Here are two sample videos shot with this current version of my DIY camera stabilizer:

Hanging out with local bloggers outside my city & climbing session - Social Media Brasov

Shooting video on inline skates for a bike tricks video project - I took a nice fall.  

For more detailed pictures check out my Facebook album. Feel free to ask me questions in the comments.

Go out there and shoot your outdoor adventures. Cheers!

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  1. Another enjoyable post to read.......thanks for sharing.

  2. Hey aluminum greatly milled!
    What about gimbal holes? How did you drilled them to have an acceptable precision? I'd make the top shorter to have an even less heavy system!
    Keep up the great work!

  3. The PVG rings had some marks, diametrically opposed so I drilled on those marks.


  4. How much did it cost to have it milled? I just went to a CNC milling shop and they said it would be about $500 USD.

    1. Wow. It's obvious we don't live in the same parts of the world. :-)

      It was about 50 Euro per 3 pieces (in Romania). And this price got lower as we did some volume - but now I'm out of the business.

      If you shoot video for clients and have an expensive DSLR - you're much better with a Glidecam HD 2000.

      A DIY is fine but it takes too much time to re-balance each time you change the camera. A professional rig on the other hand has those knobs for fine tuning the balance.

  5. I'm going to try modeling the plates and seeing how much it would cost to make them using a 3D printing service like Shapeways. If you have the modeling skills you could always put your original plates designs up there and readers could buy them from you :)

    1. :-) Mike, the drawings are free to download here (scroll down). In SVG and CAD files.

      And yes, you can send them to a milling machine shop. But...the drawings don't respect proportions. However you can adjust them in your CAD software.

  6. Hey!
    I really liked the solutions you came up with for the whole steady cam thing, So i decided to build one out of copper and galvanized sheets. but the thing is that it turned out to heavy.
    I built it for a Canon vixia hf 200 which is about 1.1 lbs and my question is: how much does your steady cam weigh? An how much does only the top part weigh?

    My problem is that my 8 mm thick threaded copper shaft bows under the weight making it impossible to balance.

    What do you think?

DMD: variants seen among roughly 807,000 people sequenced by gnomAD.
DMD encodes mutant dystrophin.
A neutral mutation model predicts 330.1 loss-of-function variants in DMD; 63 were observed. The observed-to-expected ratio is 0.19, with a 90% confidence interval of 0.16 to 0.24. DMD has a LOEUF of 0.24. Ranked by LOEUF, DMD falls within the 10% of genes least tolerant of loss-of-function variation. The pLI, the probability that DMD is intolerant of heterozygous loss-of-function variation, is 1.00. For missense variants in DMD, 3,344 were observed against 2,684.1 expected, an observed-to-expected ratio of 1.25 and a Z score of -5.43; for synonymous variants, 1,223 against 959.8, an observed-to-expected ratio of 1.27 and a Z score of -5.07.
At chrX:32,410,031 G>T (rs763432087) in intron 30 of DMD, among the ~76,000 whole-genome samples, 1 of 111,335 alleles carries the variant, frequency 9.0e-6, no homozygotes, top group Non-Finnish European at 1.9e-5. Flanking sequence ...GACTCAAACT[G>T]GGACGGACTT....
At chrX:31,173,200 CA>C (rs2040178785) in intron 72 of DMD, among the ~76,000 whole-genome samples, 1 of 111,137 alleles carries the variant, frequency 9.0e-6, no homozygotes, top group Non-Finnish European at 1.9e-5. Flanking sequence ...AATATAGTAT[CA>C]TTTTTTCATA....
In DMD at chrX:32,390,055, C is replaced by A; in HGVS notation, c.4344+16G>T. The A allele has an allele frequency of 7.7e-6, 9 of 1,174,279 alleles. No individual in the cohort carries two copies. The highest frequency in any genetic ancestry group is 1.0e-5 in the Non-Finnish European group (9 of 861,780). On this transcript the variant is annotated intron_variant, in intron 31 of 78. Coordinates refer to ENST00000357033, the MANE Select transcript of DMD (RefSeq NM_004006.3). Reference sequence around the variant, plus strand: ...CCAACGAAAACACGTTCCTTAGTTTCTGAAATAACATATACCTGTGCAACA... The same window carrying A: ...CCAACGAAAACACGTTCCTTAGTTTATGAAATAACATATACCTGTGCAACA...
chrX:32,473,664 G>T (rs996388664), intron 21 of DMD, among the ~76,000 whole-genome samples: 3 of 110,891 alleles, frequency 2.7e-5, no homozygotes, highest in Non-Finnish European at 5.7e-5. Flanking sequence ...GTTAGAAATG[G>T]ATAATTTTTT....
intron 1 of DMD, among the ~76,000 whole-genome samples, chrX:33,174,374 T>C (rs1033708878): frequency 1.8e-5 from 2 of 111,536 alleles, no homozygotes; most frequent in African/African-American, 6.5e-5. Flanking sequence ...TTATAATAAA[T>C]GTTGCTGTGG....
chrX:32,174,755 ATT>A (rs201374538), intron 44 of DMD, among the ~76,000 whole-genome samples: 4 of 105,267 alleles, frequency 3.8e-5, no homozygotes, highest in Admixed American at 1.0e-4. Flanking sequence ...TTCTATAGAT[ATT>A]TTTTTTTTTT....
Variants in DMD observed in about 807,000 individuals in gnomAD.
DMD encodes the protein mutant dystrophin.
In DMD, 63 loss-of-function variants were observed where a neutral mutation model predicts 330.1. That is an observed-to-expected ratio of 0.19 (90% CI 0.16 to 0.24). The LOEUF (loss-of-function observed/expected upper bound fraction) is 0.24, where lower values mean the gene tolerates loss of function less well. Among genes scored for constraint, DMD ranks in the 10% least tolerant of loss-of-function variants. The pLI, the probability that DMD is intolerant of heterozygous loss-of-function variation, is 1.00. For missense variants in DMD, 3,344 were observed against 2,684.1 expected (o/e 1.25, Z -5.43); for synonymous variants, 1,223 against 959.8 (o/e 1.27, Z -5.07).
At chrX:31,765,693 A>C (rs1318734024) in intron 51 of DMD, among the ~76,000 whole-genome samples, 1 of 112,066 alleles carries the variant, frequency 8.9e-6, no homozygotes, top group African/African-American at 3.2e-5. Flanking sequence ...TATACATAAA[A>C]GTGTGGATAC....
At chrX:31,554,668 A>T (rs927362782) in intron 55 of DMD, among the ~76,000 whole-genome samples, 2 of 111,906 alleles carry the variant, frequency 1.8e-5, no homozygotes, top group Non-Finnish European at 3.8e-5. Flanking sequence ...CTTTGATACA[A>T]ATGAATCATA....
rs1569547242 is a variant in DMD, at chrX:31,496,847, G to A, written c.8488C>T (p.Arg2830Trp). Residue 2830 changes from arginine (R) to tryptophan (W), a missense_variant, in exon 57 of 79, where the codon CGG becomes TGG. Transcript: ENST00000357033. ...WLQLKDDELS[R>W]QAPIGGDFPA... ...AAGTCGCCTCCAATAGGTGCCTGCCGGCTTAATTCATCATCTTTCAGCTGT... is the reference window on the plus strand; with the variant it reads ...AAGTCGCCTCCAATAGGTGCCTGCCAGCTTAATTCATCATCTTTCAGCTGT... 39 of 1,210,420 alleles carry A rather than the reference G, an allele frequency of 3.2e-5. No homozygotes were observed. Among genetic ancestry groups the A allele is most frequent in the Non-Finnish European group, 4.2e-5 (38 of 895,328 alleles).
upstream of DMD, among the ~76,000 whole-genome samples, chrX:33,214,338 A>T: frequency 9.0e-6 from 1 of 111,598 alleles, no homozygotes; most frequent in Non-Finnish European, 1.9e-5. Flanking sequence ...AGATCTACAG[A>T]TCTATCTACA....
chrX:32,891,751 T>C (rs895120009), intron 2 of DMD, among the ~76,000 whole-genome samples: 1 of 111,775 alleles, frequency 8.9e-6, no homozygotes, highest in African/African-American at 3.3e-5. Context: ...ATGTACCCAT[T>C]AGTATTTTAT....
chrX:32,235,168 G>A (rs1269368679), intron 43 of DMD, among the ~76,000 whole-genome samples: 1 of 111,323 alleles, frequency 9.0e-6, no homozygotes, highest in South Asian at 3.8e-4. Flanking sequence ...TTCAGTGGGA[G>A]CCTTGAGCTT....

thank u in advance,

    1. Hey Csuzi,

      I guess mine weighs somewhere around one kilo or less. I never actually weighted it.

      If the shaft bends, make it shorter and thus it'll become more rigid, or use a thicker rod. My first design had a 10 mm thick threaded rod.

      But you don't need to cut the rod. Just raise the lower plate and add more weights on it. Thus the actual length of the rod between the lower plate and the camera plate will be shorter and more rigid.

      Hope this helps. Let me know.

  7. Thank you for your fast reply, I will try to balance it anyway but mine is betwenn 2 and 3 kilos.

    My question is, have you ever achieved the 2-3 second drop time? I just cant manage to achieve it. If its around 1 second then the steady cam is quite stable but when i loose some weight from the bottom and it gets around 2 seconds then the top is sooo heavy its impossible to make it stay vertical.

    1. If you're gonna use a heavy camera, then it's useful; for the rig to be light. You don't wanna get fatigue in your arm too fast.

      Yes I get the 2 seconds drop time. That's my mark.

      As I said in my this other article on the steadicam - sometimes a DIY gives you more headache than actually solving your problem.

      It took me a while to get mine working so well (many failed rigs) and even so, it was much about luck. The pro rigs are machine worked and properly assembled that's why they're expensive.

      Any imperfection causes strange behavior. Anyway, keep fine tuning and shoot lost of video to improve your results.

      You should know that mine also tilts if I fly it for more than a few seconds. That's why I do many takes until I get my shot right. And I only use short scenes in my videos (2-3 seconds).

      Steadicam operators are well paid just for this reason - it's actually not easy to "dance" with a steadicam. It take practice and skill.

      Drop a link to your video tests (YouTube).

      Cheers, Csuzi!